In the previous work, gradient descent algorithms were used to find the minimum of the RLS cost function. This approach is computationally expensive, especially when the oxygen tension map is large. In this study, using a closed-form solution of the RLS estimation and some inherent properties of the problem at hand, the RLS process is reduced to the weighted averaging of the LS estimates. This decreases the computational complexity of the RLS estimation considerably without sacrificing its performance.
Performance analyses are conducted using both real and simulated data sets. In terms of computational complexity, the proposed RLS estimation method is significantly better than RLS methods that use gradient descent algorithms to find the minimum of the cost function. Additionally, there is no significant difference between the estimates acquired by the proposed and conventional RLS estimation methods.
The proposed RLS estimation method for computing the retinal oxygen tension is computationally efficient, and produces estimates with negligible difference from those obtained by iterative RLS methods. Further, the results of this study can be applied to other lifetime imaging problems that have similar properties.
Accelerated estimation; Closed-form solution; Regularized estimation; Retinal oxygen tension; Phosphorescence lifetime imaging
Ultrasound imaging of the heart is a commonly used clinical tool to assess cardiac function. The basis for this analysis is the quantification of cardiac blood flow and myocardial velocities. These are typically measured using different imaging modes and on different cardiac cycles. However, due to beat-to-beat variations such as irregular heart rhythm and transient events, simultaneous acquisition is preferred. There exists specialized ultrasound systems for this purpose; however, it would be beneficial if this could be achieved using conventional ultrasound systems due to their wide availability. The conventional Duplex mode ultrasound allows simultaneous acquisition, however at a highly reduced spatial and temporal resolution.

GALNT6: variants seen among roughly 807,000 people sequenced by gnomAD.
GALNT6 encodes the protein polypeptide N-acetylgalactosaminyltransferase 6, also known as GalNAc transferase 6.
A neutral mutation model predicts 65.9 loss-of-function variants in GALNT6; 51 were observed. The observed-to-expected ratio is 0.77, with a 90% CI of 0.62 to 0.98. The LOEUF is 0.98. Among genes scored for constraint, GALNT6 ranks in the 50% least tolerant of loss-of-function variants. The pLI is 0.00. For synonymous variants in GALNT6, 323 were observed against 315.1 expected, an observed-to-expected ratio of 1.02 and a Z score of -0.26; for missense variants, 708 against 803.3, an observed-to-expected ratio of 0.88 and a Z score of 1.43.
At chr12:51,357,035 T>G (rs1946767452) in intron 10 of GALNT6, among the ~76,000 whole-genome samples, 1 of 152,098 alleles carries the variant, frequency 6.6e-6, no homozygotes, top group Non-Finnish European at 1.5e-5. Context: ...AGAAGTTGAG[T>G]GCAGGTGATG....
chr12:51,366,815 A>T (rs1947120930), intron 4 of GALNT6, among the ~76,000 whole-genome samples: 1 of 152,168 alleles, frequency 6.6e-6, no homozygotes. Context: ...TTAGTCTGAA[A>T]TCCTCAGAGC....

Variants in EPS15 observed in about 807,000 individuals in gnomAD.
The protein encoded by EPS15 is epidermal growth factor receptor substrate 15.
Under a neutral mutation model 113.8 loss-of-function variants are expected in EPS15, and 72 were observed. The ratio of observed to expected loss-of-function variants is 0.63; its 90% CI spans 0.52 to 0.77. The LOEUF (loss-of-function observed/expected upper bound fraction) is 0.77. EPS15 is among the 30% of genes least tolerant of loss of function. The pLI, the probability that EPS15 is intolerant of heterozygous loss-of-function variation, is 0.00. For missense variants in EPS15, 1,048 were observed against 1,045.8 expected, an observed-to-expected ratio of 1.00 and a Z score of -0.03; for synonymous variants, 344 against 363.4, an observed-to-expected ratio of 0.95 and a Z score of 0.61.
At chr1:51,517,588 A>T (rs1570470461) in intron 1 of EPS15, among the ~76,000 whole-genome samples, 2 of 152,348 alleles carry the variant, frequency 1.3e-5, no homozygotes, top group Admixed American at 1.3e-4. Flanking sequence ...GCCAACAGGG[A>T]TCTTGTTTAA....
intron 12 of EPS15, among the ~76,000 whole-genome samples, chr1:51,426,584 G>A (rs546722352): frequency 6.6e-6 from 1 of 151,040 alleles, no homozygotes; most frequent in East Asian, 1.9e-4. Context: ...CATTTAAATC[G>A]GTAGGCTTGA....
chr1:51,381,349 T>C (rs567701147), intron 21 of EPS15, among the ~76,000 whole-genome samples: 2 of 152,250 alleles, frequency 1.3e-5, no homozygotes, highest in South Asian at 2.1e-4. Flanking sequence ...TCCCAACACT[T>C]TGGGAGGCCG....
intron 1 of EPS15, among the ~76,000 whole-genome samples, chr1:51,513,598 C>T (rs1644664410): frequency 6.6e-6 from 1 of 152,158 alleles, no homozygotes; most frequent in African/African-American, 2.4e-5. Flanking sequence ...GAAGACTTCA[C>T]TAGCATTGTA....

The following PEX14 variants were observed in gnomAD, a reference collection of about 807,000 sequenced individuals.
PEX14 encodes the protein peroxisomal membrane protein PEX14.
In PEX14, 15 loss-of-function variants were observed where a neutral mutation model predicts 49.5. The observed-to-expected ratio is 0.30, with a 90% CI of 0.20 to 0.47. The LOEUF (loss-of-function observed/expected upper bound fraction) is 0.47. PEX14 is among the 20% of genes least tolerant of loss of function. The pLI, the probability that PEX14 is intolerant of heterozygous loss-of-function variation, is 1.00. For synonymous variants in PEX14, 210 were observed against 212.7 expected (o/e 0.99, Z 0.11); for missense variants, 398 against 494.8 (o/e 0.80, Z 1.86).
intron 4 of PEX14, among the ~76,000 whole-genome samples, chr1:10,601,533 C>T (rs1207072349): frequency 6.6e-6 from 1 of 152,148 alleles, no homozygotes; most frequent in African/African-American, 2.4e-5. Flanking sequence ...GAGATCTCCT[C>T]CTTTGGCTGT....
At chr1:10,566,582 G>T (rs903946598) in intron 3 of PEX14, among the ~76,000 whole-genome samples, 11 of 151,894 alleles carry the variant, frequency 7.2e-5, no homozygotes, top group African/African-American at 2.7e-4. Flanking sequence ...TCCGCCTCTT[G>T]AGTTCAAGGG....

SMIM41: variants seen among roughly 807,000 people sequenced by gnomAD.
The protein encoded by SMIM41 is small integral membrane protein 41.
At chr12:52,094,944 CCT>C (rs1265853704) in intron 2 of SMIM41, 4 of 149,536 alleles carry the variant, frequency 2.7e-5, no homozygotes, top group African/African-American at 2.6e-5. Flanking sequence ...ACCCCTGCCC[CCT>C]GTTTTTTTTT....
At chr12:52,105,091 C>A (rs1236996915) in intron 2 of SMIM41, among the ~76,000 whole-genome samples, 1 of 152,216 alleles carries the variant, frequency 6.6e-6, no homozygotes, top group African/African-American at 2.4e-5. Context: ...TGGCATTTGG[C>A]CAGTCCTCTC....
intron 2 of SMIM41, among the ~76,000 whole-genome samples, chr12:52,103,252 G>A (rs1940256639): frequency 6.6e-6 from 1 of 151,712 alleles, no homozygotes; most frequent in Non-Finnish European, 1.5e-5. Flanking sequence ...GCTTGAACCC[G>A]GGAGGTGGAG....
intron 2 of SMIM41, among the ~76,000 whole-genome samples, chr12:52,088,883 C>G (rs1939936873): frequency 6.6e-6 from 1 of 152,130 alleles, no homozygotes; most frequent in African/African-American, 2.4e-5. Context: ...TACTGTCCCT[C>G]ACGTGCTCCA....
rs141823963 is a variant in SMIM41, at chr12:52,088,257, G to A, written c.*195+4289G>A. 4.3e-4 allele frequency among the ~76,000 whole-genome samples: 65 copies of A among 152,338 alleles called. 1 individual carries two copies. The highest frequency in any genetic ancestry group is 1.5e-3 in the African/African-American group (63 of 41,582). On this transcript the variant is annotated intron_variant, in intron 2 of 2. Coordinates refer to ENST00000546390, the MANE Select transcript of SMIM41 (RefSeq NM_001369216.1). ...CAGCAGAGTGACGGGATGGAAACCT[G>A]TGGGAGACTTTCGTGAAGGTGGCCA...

The aim of this work was to present and evaluate the performance of a novel method to recover myocardial tissue velocity using conventional Duplex ultrasound imaging, and to demonstrate its feasibility for the assessment of simultaneous blood flow and myocardial velocity in-vivo. The essence of the method was the estimation of the axial phase shift of robust echogenic structures between subsequent image frames. The performance of the method was evaluated on synthetic tissue mimicking B-mode image sequences at different frame rates (20–60 Hz) and tissue velocities (peak velocities 5-15cm/s), using cardiac deformation and displacement characteristics. The performance was also compared to a standard 2-D speckle tracking technique.
The method had an overall high performance at frame rates above 25 Hz, with less than 15% error of the peak diastolic velocity, and less than 10 ms peak timing error. The method showed superior performance compared to the 2-D tracking technique at frame rates below 50 Hz. The in-vivo quantification of simultaneous blood flow and myocardial tissue velocities verified the echocardiographic patterns and features of healthy subjects and the specific patient group.
A novel myocardial velocity quantification method was presented and high performance at frame rates above 25 Hz was shown. In-vivo quantification of simultaneous myocardial and blood flow velocities was feasible using the proposed method and conventional Duplex mode imaging. We propose that the methodology is suitable for retrospective as well as prospective studies on the mechanics and hemodynamics of the heart.
Ultrasound; Heart; Simultaneous; Echocardiography; Blood flow; Myocardial; Velocity; Low frame rate; Duplex